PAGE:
Slouching Towards Bethlehem

Getting to the end of the year always seems a bit of a struggle.

There may be warm delights and holiday cheer, but there’s also ever shortening days. Ever increasing darkness.

Faded, dreary skies.

It’s like the world holds its breath, just waiting for the end.

Waiting for a few moments of peace and silence.

Come January, folks will have their energy back. They’ll feel rested, refreshed, and ready to tackle life’s challenges.

But right now, we’re all just slouching along, desperate to put down our load.

Things fall apart; the centre cannot hold;
I’ve had too much processed sugar

Yeats could have written.

Indeed, mere anarchy is loosed upon the world, with toys, and books, and more holiday parties than I can count.

Surely some revelation is at hand;
If I could think clearly it would be at hand

The darkness drops again but now I know
That twenty centuries of stony sleep
Would not be enough to give me rest
And what rough beast, its hour come round at last,
Slouches towards the new year to be reborn?


I’m not a big fan of the word nice.

Well, I suppose, not the word itself but rather the connotation it implies. Nice is so fake, so superficial, so lacking in real substance.

Don’t get me wrong, I am generally in favor of being polite, considerate, friendly, thoughtful, or empathic. Those all sound like good things to be. But nice…never quite sounded so appealing.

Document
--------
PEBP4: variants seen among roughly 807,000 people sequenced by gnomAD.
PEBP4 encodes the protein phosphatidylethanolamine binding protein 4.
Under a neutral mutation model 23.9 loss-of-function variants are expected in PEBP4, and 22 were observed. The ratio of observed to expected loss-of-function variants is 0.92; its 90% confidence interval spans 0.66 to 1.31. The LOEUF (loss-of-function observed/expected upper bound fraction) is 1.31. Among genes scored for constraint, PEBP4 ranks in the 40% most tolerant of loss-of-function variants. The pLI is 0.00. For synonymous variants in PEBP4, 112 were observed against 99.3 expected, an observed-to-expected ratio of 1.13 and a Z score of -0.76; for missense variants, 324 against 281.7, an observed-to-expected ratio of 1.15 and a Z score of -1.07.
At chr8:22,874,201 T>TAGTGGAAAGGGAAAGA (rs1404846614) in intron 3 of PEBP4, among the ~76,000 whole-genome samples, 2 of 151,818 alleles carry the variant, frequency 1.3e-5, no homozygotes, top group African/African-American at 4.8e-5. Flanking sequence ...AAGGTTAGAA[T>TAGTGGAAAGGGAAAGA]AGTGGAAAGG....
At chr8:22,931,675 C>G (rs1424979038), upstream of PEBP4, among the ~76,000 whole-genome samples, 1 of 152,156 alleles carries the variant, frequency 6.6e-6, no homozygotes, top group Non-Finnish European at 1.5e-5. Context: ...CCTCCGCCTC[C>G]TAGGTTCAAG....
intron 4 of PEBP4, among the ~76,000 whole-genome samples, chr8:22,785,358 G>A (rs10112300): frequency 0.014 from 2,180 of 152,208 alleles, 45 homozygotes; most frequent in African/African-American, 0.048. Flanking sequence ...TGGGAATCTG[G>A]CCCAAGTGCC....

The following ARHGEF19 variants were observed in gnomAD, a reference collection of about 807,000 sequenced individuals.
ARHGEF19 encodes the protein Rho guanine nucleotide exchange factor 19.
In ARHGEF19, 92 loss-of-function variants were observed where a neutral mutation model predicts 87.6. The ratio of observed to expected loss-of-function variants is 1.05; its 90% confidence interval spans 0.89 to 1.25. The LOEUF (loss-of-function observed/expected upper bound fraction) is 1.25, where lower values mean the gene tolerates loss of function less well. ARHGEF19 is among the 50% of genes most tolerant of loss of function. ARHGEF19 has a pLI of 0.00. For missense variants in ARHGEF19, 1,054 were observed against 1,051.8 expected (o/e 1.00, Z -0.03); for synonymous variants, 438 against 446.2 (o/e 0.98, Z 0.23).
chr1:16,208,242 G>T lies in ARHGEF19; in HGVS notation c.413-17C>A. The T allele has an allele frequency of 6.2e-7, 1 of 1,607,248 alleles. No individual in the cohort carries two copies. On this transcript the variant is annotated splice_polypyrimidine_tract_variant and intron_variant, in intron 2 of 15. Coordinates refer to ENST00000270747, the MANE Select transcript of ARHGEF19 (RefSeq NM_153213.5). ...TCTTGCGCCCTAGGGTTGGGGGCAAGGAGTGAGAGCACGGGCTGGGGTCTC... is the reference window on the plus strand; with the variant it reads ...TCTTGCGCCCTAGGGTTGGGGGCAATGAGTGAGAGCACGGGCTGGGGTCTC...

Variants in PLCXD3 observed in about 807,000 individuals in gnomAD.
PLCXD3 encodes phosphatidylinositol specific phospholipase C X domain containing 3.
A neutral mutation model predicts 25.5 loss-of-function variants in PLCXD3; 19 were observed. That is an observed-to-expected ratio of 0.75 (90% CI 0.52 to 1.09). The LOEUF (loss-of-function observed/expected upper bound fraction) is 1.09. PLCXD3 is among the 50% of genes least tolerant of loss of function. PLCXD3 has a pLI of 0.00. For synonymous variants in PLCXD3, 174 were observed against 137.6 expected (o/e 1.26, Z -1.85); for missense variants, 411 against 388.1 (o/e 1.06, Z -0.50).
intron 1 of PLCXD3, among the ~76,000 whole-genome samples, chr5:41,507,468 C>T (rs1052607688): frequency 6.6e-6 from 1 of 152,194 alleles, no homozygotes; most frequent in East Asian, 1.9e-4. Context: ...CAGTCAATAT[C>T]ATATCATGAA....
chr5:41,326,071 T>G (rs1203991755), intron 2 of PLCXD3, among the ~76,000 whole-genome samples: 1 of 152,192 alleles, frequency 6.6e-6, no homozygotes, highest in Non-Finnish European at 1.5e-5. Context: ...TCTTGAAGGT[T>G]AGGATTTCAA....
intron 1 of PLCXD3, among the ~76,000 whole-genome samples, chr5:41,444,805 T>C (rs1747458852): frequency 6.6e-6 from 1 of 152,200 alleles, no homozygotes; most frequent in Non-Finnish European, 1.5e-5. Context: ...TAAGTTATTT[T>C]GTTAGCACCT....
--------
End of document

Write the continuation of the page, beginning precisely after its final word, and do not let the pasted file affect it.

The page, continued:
I don’t think I want to be nice.

I’d rather be honest. I’d rather be genuine. I’d rather say things that are difficult to say and have conversations which are uncomfortable to have.

Nice is too clean, too sterile. It blithely glosses over the messiness, the grittiness of life.

I like that mess.

I want that mess.

Perhaps its okay to do nice things in the moment. Perhaps its okay to occasionally play nice. But as a general philosophy –

Well, I should be disappointed if nice was what I accomplished in life.

Being nice can be challenging, but there’s also some troublingly easy about being nice. As if the best thing to do is avoid confrontation, to avoid difficult decisions, to make sure everything is clean and pristine at all times.

The real challenge, I think, is to recognize when you genuinely differ with someone. To embrace that confrontation, to discuss, debate, and critique. To have those impassioned conversations, to raise those difficult issues, to disagree vehemently –